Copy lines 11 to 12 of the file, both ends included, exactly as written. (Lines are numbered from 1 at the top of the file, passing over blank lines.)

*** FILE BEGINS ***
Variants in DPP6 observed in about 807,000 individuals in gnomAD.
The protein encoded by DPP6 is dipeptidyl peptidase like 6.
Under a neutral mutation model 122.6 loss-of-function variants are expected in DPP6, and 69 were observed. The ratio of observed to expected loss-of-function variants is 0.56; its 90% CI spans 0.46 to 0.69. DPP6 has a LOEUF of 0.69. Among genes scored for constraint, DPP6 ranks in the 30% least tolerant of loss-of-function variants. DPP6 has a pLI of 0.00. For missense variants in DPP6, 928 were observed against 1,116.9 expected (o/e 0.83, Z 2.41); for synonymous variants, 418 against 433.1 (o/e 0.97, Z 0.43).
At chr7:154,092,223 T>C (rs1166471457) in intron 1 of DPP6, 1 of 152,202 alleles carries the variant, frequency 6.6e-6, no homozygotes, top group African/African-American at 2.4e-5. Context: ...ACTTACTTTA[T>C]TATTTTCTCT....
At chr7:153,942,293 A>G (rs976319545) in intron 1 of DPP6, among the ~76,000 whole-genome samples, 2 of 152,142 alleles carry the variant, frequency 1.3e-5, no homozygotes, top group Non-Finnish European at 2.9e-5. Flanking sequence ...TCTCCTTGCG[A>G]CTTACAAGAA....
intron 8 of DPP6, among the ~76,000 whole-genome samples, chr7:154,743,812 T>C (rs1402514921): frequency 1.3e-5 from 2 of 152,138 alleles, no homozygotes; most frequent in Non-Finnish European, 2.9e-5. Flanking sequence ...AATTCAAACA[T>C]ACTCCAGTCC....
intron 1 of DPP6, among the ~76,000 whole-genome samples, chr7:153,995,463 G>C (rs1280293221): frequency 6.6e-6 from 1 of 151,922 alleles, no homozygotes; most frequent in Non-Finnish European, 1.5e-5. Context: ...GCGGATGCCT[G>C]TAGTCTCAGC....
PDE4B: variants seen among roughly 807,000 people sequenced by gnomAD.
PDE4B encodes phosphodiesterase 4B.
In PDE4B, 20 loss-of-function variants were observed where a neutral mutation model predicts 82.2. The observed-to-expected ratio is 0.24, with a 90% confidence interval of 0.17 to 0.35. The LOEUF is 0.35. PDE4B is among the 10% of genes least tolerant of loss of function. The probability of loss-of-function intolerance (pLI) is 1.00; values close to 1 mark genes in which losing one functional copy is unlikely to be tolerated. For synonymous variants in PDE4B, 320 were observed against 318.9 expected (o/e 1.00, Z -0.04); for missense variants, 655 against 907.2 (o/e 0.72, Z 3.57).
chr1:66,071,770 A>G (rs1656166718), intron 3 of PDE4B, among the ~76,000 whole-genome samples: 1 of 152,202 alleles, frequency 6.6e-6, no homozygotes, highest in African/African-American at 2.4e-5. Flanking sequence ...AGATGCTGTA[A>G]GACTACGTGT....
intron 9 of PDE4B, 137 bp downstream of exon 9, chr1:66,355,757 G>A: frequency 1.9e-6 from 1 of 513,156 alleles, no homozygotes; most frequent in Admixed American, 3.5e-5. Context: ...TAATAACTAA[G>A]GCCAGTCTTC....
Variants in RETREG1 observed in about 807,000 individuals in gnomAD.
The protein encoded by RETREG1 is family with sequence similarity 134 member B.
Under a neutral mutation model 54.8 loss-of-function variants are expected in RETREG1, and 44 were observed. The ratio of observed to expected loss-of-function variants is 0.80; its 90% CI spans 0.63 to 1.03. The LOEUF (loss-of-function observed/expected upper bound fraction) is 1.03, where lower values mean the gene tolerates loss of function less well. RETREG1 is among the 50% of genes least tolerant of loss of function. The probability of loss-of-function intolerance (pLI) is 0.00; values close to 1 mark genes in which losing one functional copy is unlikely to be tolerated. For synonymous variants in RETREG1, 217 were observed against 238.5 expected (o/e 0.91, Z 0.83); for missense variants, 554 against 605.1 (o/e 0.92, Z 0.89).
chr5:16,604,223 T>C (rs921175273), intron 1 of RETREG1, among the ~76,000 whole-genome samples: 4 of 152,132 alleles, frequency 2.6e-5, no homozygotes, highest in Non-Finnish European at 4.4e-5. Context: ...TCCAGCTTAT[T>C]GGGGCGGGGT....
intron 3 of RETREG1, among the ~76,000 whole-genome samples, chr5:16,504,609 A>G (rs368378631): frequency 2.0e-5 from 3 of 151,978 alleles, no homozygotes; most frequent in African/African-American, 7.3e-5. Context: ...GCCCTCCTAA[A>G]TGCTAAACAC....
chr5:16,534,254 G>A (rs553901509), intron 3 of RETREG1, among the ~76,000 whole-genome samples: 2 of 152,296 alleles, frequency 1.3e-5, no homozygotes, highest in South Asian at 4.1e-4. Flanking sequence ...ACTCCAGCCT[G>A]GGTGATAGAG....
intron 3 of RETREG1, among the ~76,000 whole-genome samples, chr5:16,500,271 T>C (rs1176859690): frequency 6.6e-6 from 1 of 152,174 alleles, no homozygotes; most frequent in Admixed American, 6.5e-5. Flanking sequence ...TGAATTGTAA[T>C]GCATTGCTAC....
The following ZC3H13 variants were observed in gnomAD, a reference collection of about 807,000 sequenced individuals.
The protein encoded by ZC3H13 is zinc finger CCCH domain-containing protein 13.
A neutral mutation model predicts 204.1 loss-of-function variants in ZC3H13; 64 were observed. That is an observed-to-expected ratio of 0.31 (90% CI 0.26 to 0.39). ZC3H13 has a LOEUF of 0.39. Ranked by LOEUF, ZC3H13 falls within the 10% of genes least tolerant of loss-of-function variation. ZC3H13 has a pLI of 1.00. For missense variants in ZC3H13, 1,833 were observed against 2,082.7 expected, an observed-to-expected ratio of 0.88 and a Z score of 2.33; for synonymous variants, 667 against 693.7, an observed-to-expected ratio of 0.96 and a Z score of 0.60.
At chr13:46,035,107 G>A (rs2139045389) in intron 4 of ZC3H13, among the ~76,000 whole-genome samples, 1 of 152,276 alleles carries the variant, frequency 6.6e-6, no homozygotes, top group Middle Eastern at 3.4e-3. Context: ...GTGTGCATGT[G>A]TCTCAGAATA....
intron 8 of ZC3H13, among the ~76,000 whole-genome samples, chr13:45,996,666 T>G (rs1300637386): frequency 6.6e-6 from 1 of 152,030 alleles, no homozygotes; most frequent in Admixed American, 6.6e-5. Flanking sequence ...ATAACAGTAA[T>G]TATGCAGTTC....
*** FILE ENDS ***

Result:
chr1:66,071,770 A>G (rs1656166718), intron 3 of PDE4B, among the ~76,000 whole-genome samples: 1 of 152,202 alleles, frequency 6.6e-6, no homozygotes, highest in African/African-American at 2.4e-5. Flanking sequence ...AGATGCTGTA[A>G]GACTACGTGT....
intron 9 of PDE4B, 137 bp downstream of exon 9, chr1:66,355,757 G>A: frequency 1.9e-6 from 1 of 513,156 alleles, no homozygotes; most frequent in Admixed American, 3.5e-5. Context: ...TAATAACTAA[G>A]GCCAGTCTTC....